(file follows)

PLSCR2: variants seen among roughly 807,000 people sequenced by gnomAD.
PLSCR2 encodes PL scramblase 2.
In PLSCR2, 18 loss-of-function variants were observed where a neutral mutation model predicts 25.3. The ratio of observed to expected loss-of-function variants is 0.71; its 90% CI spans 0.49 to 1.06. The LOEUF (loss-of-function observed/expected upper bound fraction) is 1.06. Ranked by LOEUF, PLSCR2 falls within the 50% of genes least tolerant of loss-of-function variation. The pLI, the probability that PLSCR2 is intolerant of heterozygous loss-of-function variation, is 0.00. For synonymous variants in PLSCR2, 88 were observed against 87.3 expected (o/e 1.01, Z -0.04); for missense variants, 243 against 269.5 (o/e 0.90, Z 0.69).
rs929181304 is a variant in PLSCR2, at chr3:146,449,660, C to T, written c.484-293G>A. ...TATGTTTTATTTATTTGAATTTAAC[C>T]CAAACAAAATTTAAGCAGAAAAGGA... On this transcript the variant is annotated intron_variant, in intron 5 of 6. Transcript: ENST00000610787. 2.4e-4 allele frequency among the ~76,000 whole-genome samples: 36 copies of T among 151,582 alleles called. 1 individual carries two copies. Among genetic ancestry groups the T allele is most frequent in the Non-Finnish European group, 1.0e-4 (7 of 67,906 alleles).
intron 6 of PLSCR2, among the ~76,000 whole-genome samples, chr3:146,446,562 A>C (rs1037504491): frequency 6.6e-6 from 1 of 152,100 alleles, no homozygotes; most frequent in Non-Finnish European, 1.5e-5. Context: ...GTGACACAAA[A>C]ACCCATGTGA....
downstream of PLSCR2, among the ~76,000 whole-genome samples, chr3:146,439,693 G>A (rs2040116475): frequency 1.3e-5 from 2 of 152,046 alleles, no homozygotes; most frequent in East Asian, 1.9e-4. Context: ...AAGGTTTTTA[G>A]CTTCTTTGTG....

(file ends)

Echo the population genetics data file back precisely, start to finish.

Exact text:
PLSCR2: variants seen among roughly 807,000 people sequenced by gnomAD.
PLSCR2 encodes PL scramblase 2.
In PLSCR2, 18 loss-of-function variants were observed where a neutral mutation model predicts 25.3. The ratio of observed to expected loss-of-function variants is 0.71; its 90% CI spans 0.49 to 1.06. The LOEUF (loss-of-function observed/expected upper bound fraction) is 1.06. Ranked by LOEUF, PLSCR2 falls within the 50% of genes least tolerant of loss-of-function variation. The pLI, the probability that PLSCR2 is intolerant of heterozygous loss-of-function variation, is 0.00. For synonymous variants in PLSCR2, 88 were observed against 87.3 expected (o/e 1.01, Z -0.04); for missense variants, 243 against 269.5 (o/e 0.90, Z 0.69).
rs929181304 is a variant in PLSCR2, at chr3:146,449,660, C to T, written c.484-293G>A. ...TATGTTTTATTTATTTGAATTTAAC[C>T]CAAACAAAATTTAAGCAGAAAAGGA... On this transcript the variant is annotated intron_variant, in intron 5 of 6. Transcript: ENST00000610787. 2.4e-4 allele frequency among the ~76,000 whole-genome samples: 36 copies of T among 151,582 alleles called. 1 individual carries two copies. Among genetic ancestry groups the T allele is most frequent in the Non-Finnish European group, 1.0e-4 (7 of 67,906 alleles).
intron 6 of PLSCR2, among the ~76,000 whole-genome samples, chr3:146,446,562 A>C (rs1037504491): frequency 6.6e-6 from 1 of 152,100 alleles, no homozygotes; most frequent in Non-Finnish European, 1.5e-5. Context: ...GTGACACAAA[A>C]ACCCATGTGA....
downstream of PLSCR2, among the ~76,000 whole-genome samples, chr3:146,439,693 G>A (rs2040116475): frequency 1.3e-5 from 2 of 152,046 alleles, no homozygotes; most frequent in East Asian, 1.9e-4. Context: ...AAGGTTTTTA[G>A]CTTCTTTGTG....